The Last of Us - Season 1 (HBO Max): Yet another great show that I was able to binge digest this month. I wasn't really expecting to like it since I'm only mildly interested in zombies and almost not at all in video games anymore. But I do love some apocalypse, and this show has plenty. After the first episode I thought it was perhaps going to be really poorly acted, but then Pedro Pascal, Bella Ramsey, Anna Torv (from the highly recommended Mindhunter show), and Nick Offerman turn up the heat. 5 out of 5 stars

Novel of the Month: Hidden Pictures by Jason Rekulak: This is a tremendous yarn, the rare page turner that wraps every loose end up satisfyingly and clearly describes what happens to everyone at the end. Mallory is a late-teen recovering from addiction who gets hired by a yuppy couple named the Maxwells to take care of their kid Teddy for the summer. She meets old hippy psychic neighbor Mitzi and hot yard-keeper Adrian along the way. As her sponsor Russell gets more and more worried about Mallory’s seeming relapse, little Teddy appears to become more and more possessed. What is happening? Mallory and her new friends will have to figure it out before time runs out for them. 5 out of 5 stars

Beverly Hills Cop: Eddie Murphy was in his prime for this 1984 classic tale of wholly human cops chasing down very bad (and luckily bad shots) drug smugglers in Detroit and L.A. Mike from Breaking Bad and Paul Reiser make early acting appearances and the action is well worth checking back into if you haven’t seen it ever or in 39! years. 4 out of 5 stars

“The Gay Old Dog,” by Edna Ferber (1917): The author was known as sarcastic and this story flips the prejudice against women of the time on its head. Jo Hertz is a Chicago “Loop Hound” and a plump and lonely 50-year-old bachelor. When his mother died back when he was 27, her dying wish was that he not marry before his three sisters married. Jo fell in love with a little woman named Emily, who tried to matchmake the sisters but failed and eventually left to marry someone else. Eva finally married, then Babe, and finally Carrie didn’t marry but rather moved out to the West Side for work. Then World War I started and Jo got rich from his once-pedestrian leather business. He started being seen with a much-younger woman then bumps into Emily watching her son (also named Jo) leaving for war in a parade. He tells off his current parter, then his sisters, and is destined to live the life of an old maid (butler?) from then on. This drags in places but is definitely powerful and important in the march to women’s rights. 4 out of 5 stars

History of the World Part 2 (Hulu): This is a long-in-arriving sequel to Mel Brooks’s Part 1 movie, with the legend himself narrating. Highlights include the Russian Revolution with Nick Kroll selling mud pies and Danny DeVito leading the Kardashian-like Romanovs; Shakespeare in the writer’s room; a bumbling Lincoln and a drunk Grant leading the Civil War; Jack Black’s JoJo Stalin musical in 1918 Moscow; Seth Rogen’s Noah, who only brings dogs on the Ark; and The Beatles reimagined as Black Jesus and his apostles, in sessions and on the rooftop before being arrested, then many years later the Pope’s all-white-man council has a PR meeting that results in Jesus being rebranded as white. Kroll as usual stands out as the brightest light in this farce. 3.5 out of 5 stars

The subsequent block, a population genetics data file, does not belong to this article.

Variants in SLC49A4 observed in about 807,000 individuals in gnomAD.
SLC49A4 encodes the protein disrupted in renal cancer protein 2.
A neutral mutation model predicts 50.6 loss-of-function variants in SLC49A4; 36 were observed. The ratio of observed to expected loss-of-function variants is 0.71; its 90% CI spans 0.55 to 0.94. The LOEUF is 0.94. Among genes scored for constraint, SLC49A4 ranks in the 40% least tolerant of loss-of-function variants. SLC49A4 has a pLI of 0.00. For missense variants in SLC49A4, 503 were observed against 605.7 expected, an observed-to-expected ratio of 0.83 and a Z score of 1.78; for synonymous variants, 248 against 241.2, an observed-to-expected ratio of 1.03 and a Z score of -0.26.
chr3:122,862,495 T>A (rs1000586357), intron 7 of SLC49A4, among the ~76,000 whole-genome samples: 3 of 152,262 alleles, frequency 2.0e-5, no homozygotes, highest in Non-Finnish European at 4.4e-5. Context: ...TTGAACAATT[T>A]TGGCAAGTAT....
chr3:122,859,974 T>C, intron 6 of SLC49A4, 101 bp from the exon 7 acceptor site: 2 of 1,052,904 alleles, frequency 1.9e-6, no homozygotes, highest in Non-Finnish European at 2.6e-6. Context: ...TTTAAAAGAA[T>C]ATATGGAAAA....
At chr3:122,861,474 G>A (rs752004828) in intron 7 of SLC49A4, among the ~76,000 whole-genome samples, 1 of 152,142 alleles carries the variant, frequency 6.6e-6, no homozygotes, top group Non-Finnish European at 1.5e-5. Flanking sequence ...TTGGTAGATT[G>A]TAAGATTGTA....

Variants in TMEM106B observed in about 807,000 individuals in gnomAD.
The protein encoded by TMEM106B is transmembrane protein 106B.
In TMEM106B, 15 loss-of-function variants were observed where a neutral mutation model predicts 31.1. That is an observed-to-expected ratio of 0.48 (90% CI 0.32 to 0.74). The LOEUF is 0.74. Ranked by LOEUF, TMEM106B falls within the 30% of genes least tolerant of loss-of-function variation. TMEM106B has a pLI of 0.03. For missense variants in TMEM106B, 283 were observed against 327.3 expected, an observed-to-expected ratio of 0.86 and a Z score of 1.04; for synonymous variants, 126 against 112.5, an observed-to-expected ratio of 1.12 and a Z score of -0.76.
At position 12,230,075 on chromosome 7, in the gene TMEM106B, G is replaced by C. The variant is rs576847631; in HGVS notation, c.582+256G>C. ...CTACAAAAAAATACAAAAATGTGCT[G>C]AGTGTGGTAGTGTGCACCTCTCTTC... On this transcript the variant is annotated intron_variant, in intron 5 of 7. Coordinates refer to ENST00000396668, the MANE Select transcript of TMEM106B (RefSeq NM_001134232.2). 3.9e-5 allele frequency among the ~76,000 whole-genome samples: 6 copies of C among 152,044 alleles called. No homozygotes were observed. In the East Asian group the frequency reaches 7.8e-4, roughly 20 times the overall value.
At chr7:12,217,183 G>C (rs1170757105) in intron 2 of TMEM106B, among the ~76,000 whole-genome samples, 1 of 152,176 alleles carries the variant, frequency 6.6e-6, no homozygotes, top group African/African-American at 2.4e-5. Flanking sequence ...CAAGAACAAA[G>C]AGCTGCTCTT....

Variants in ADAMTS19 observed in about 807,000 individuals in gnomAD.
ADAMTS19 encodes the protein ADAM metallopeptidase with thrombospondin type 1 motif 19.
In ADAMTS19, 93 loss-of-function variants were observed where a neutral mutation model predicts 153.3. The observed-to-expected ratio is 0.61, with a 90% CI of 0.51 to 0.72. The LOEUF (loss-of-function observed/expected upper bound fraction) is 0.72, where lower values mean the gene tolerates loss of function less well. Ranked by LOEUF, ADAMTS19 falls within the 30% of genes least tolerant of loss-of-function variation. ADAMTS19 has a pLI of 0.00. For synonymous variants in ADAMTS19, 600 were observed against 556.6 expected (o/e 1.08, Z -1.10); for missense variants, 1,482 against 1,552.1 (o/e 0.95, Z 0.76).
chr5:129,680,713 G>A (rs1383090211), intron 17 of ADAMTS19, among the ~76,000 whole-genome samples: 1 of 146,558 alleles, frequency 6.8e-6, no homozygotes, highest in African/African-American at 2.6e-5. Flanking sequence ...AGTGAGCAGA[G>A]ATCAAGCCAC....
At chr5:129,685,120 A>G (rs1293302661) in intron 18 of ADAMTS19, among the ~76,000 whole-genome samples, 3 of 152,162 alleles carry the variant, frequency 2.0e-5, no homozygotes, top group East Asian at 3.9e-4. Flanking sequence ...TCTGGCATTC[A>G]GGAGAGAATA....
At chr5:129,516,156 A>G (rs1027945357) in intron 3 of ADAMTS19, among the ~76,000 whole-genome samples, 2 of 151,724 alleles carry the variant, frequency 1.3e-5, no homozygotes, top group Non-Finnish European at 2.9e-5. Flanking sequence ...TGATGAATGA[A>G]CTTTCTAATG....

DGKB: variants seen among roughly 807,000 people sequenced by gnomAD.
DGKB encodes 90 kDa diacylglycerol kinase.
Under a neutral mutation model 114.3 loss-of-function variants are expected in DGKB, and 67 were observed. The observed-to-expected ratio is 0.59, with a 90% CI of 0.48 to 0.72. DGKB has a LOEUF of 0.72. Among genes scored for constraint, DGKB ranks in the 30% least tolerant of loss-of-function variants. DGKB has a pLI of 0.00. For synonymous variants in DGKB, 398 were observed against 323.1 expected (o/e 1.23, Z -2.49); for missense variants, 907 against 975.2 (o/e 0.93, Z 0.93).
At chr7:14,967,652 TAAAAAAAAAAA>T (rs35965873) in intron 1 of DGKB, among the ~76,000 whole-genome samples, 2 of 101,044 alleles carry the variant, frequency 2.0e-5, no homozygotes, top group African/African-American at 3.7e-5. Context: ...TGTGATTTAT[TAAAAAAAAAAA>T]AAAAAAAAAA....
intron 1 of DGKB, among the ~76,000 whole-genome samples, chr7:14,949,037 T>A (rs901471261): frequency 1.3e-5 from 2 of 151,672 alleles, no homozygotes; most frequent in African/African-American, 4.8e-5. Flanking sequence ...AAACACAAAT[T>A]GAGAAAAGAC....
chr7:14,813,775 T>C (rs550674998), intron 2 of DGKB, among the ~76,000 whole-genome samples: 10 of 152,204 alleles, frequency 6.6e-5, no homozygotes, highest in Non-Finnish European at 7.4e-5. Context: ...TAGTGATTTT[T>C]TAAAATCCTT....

The Kings of Summer (Showtime): The indie 2013 movie is about three teens who decide to “become men” for the summer, running away from home and building a house and a life in the nearby forest. Nick Offerman, Megan Mullaley, and Alison Brie tag along as concerned family members back home. It’s weird and slight but also a touching coming-of-age tale that shows how strong the desire for independence can be. 3.5 out of 5 stars

“My Old Man, by Ernest Hemingway (1923): This story, told from the point of view of a young man named Joe, relates his relationship with his horse jockey father, who gambles on horses and drinks whiskey. The boy loves going to the races and sitting at a cafe in Paris with his dad, until one day he leaves the boy parent-less when he dies in a race. This is one of the master’s earliest stories and it shows promise of his approaching work, but is also a little bit of a mess. 3 out of 5 stars

“Brothers,” by Sherwood Anderson (1921): Anderson, often compared to Ernest Hemingway (I’m still not convinced), tells one of his typical tales of small-town isolation. One man, on his regular walks around his village outside of Chicago, often encounters an old man who people say has lost his mind, and always tells lies and that he is related to famous people. The man is nearly totally silent at night when he returns from his bicycle-factory foreman job. But he begins to fantasize about one woman at the factory and then for almost no reason stabs his pregnant wife to death. He is found guilty and later somehow encounters the old man again one day. The old man doesn’t know he’s the murderer but tells the man his brother is the murderer. One of these days I hope to find an Anderson story that clicks, but this doesn’t hold up over the past century. 2 out of 5 stars